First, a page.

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Middle-Class Consumption

Scott Sumner has a good post, at EconLog, on the inequality debate.  Here’s a long comment that I left in the comments section of that post (edited and augmented here slightly):

Scott: Nice post. One (non-rhetorical) question: why do you believe that the consumption of the rich has risen faster than that of the middle class? You might be correct, but it seems to me that the very same sort of logic, observations, and data that suggest to you (and to me) that the consumption of the poor has risen faster than that of the middle class also suggest that the consumption of the middle class has risen faster than that of the rich.

You and I both remember the mid-1970s well. Here are my impressions of that era compared to today: Back then, flying was not common for middle-class people. Middle-class people were far less likely than they are today to vacation in Europe or Latin America. Middle-class-people’s cars broke down much more frequently than they do today. Many more middle-class families had only “the” family car rather than multiple cars. Middle-class people personally changed the oil in their cars more frequently than they do today (with the likes of Jiffy Lube performing that dirty job now).

Making long-distance telephone calls was so costly that middle-class people monitored the number of minutes they spent on such calls. Almost no middle-class person had a telephone in his or her car. Middle-class people had access to a less-varied selection of foods – both in supermarkets and in restaurants – than they have access to today. A smaller proportion (than today) of middle-class homes were equipped with automatic dishwashers, central air-conditioning, attached garages, push-button-garage-door controls, and garbage disposals. (I’m pretty sure, too, that the size of the typical middle-class home back then – measured in both square- and cubic-feet – was smaller than it is today. And while the size of the homes of the rich might have increased even more [I don’t know], a, say, 10% increase in living space starting from a relatively small space means a greater improvement in living standards than does a 10% increase in living space starting from a larger space.)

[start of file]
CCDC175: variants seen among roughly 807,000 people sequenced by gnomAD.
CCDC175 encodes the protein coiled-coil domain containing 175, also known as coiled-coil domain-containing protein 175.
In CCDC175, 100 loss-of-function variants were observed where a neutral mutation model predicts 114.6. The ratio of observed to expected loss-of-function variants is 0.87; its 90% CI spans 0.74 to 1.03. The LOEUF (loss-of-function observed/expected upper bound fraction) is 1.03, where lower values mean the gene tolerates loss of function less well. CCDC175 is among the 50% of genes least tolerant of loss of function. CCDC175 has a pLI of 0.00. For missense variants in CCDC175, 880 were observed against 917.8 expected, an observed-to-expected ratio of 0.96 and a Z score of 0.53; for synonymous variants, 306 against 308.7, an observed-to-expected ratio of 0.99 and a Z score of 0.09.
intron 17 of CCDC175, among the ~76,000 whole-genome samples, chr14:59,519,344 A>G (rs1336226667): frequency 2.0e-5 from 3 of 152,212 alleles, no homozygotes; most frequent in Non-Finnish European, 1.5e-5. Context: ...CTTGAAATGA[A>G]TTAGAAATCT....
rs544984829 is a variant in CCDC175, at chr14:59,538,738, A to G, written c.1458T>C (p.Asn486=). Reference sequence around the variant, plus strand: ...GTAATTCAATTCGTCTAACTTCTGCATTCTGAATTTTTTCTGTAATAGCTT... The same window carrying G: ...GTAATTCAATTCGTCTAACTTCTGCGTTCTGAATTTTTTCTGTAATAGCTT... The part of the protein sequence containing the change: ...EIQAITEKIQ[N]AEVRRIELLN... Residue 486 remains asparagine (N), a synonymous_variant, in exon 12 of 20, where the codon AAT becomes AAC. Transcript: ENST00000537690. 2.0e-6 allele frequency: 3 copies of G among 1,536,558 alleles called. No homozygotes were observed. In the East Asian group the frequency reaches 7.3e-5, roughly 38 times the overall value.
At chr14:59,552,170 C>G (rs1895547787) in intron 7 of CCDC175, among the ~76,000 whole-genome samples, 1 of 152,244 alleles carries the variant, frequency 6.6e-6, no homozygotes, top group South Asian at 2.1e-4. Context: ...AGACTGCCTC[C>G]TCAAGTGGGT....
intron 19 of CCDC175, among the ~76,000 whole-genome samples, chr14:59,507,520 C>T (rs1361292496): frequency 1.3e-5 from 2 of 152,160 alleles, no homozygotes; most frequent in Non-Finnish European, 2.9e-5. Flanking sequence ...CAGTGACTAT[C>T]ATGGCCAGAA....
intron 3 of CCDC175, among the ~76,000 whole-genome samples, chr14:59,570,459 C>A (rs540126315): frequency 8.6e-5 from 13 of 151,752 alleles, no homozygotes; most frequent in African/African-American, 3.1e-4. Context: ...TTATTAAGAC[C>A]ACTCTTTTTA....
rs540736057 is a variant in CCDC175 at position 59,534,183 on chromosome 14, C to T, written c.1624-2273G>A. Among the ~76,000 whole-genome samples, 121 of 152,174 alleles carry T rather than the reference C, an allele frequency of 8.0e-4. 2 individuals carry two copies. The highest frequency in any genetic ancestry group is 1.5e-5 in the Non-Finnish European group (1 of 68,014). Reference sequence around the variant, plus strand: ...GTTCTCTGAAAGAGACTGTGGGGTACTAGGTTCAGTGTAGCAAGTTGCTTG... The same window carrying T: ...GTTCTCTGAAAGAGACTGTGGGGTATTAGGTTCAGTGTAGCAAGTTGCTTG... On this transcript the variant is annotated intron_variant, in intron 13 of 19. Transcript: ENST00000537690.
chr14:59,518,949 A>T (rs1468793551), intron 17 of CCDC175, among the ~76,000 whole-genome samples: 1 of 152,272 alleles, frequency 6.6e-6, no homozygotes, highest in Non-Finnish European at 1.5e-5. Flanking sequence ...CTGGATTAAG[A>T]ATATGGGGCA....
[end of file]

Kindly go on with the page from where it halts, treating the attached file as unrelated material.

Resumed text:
While rich people in the 1970s could afford home theaters, middle-class people could watch at home only those movies (and other programs) that the three t.v. networks (and perhaps also a local independent channel) were airing.  No middle-class person shipped, or had anything shipped, overnight.

Again, your claim might well be correct. I have no firm-enough evidence against it. But it strikes me as being as doubtful as is the claim of others that the consumption of the middle-class over the past several decades has grown faster than has the consumption of the poor.